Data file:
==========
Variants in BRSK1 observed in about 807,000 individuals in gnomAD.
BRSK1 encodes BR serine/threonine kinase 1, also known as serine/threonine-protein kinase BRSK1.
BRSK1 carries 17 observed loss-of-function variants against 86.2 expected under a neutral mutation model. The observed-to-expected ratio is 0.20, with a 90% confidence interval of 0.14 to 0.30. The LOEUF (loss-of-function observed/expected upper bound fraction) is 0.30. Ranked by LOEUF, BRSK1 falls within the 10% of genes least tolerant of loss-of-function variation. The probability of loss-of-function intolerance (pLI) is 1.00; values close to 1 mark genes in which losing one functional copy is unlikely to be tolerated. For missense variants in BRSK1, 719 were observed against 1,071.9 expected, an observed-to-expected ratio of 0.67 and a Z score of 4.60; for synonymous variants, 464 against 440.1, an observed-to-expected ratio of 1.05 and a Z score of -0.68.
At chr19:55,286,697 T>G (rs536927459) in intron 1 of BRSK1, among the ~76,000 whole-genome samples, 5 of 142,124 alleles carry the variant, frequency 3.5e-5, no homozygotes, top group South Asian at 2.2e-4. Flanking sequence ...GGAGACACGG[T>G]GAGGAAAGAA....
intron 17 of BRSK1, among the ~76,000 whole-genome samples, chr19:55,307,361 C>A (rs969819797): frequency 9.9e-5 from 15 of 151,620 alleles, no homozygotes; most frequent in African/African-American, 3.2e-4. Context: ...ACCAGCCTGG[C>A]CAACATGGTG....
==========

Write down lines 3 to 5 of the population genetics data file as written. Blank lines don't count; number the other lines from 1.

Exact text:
BRSK1 carries 17 observed loss-of-function variants against 86.2 expected under a neutral mutation model. The observed-to-expected ratio is 0.20, with a 90% confidence interval of 0.14 to 0.30. The LOEUF (loss-of-function observed/expected upper bound fraction) is 0.30. Ranked by LOEUF, BRSK1 falls within the 10% of genes least tolerant of loss-of-function variation. The probability of loss-of-function intolerance (pLI) is 1.00; values close to 1 mark genes in which losing one functional copy is unlikely to be tolerated. For missense variants in BRSK1, 719 were observed against 1,071.9 expected, an observed-to-expected ratio of 0.67 and a Z score of 4.60; for synonymous variants, 464 against 440.1, an observed-to-expected ratio of 1.05 and a Z score of -0.68.
At chr19:55,286,697 T>G (rs536927459) in intron 1 of BRSK1, among the ~76,000 whole-genome samples, 5 of 142,124 alleles carry the variant, frequency 3.5e-5, no homozygotes, top group South Asian at 2.2e-4. Flanking sequence ...GGAGACACGG[T>G]GAGGAAAGAA....
intron 17 of BRSK1, among the ~76,000 whole-genome samples, chr19:55,307,361 C>A (rs969819797): frequency 9.9e-5 from 15 of 151,620 alleles, no homozygotes; most frequent in African/African-American, 3.2e-4. Context: ...ACCAGCCTGG[C>A]CAACATGGTG....